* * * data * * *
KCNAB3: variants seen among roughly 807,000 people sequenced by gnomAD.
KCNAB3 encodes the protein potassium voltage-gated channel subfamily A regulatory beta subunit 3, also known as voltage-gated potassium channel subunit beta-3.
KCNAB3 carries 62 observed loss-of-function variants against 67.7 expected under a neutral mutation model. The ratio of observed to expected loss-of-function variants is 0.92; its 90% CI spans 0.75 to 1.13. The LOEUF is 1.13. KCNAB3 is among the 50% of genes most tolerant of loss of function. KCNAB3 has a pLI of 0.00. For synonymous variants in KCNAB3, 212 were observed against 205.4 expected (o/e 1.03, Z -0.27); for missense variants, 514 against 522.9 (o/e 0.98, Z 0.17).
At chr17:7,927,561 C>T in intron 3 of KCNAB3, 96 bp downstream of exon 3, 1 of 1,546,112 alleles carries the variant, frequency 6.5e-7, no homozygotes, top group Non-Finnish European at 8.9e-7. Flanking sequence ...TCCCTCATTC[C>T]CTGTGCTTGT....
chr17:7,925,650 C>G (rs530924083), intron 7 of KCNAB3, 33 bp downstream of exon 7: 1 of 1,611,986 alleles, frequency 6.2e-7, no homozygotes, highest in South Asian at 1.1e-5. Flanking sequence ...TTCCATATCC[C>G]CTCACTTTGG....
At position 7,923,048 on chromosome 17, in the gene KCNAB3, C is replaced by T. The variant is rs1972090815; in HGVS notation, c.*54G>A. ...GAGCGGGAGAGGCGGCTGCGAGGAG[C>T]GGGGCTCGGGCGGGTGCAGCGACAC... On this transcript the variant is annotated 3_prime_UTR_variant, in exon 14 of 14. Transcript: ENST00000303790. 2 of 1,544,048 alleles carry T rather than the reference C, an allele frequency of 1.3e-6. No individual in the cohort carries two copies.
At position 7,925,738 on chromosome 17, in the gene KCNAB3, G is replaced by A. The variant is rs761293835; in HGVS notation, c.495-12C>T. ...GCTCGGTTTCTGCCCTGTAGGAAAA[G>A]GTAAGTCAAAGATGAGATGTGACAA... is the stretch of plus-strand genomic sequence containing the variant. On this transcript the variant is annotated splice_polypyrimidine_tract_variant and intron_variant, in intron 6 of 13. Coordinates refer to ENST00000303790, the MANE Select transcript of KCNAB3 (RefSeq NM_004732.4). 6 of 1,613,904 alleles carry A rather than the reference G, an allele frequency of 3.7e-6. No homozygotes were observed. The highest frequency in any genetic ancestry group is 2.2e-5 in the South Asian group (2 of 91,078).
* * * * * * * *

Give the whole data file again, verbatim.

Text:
KCNAB3: variants seen among roughly 807,000 people sequenced by gnomAD.
KCNAB3 encodes the protein potassium voltage-gated channel subfamily A regulatory beta subunit 3, also known as voltage-gated potassium channel subunit beta-3.
KCNAB3 carries 62 observed loss-of-function variants against 67.7 expected under a neutral mutation model. The ratio of observed to expected loss-of-function variants is 0.92; its 90% CI spans 0.75 to 1.13. The LOEUF is 1.13. KCNAB3 is among the 50% of genes most tolerant of loss of function. KCNAB3 has a pLI of 0.00. For synonymous variants in KCNAB3, 212 were observed against 205.4 expected (o/e 1.03, Z -0.27); for missense variants, 514 against 522.9 (o/e 0.98, Z 0.17).
At chr17:7,927,561 C>T in intron 3 of KCNAB3, 96 bp downstream of exon 3, 1 of 1,546,112 alleles carries the variant, frequency 6.5e-7, no homozygotes, top group Non-Finnish European at 8.9e-7. Flanking sequence ...TCCCTCATTC[C>T]CTGTGCTTGT....
chr17:7,925,650 C>G (rs530924083), intron 7 of KCNAB3, 33 bp downstream of exon 7: 1 of 1,611,986 alleles, frequency 6.2e-7, no homozygotes, highest in South Asian at 1.1e-5. Flanking sequence ...TTCCATATCC[C>G]CTCACTTTGG....
At position 7,923,048 on chromosome 17, in the gene KCNAB3, C is replaced by T. The variant is rs1972090815; in HGVS notation, c.*54G>A. ...GAGCGGGAGAGGCGGCTGCGAGGAG[C>T]GGGGCTCGGGCGGGTGCAGCGACAC... On this transcript the variant is annotated 3_prime_UTR_variant, in exon 14 of 14. Transcript: ENST00000303790. 2 of 1,544,048 alleles carry T rather than the reference C, an allele frequency of 1.3e-6. No individual in the cohort carries two copies.
At position 7,925,738 on chromosome 17, in the gene KCNAB3, G is replaced by A. The variant is rs761293835; in HGVS notation, c.495-12C>T. ...GCTCGGTTTCTGCCCTGTAGGAAAA[G>A]GTAAGTCAAAGATGAGATGTGACAA... is the stretch of plus-strand genomic sequence containing the variant. On this transcript the variant is annotated splice_polypyrimidine_tract_variant and intron_variant, in intron 6 of 13. Coordinates refer to ENST00000303790, the MANE Select transcript of KCNAB3 (RefSeq NM_004732.4). 6 of 1,613,904 alleles carry A rather than the reference G, an allele frequency of 3.7e-6. No homozygotes were observed. The highest frequency in any genetic ancestry group is 2.2e-5 in the South Asian group (2 of 91,078).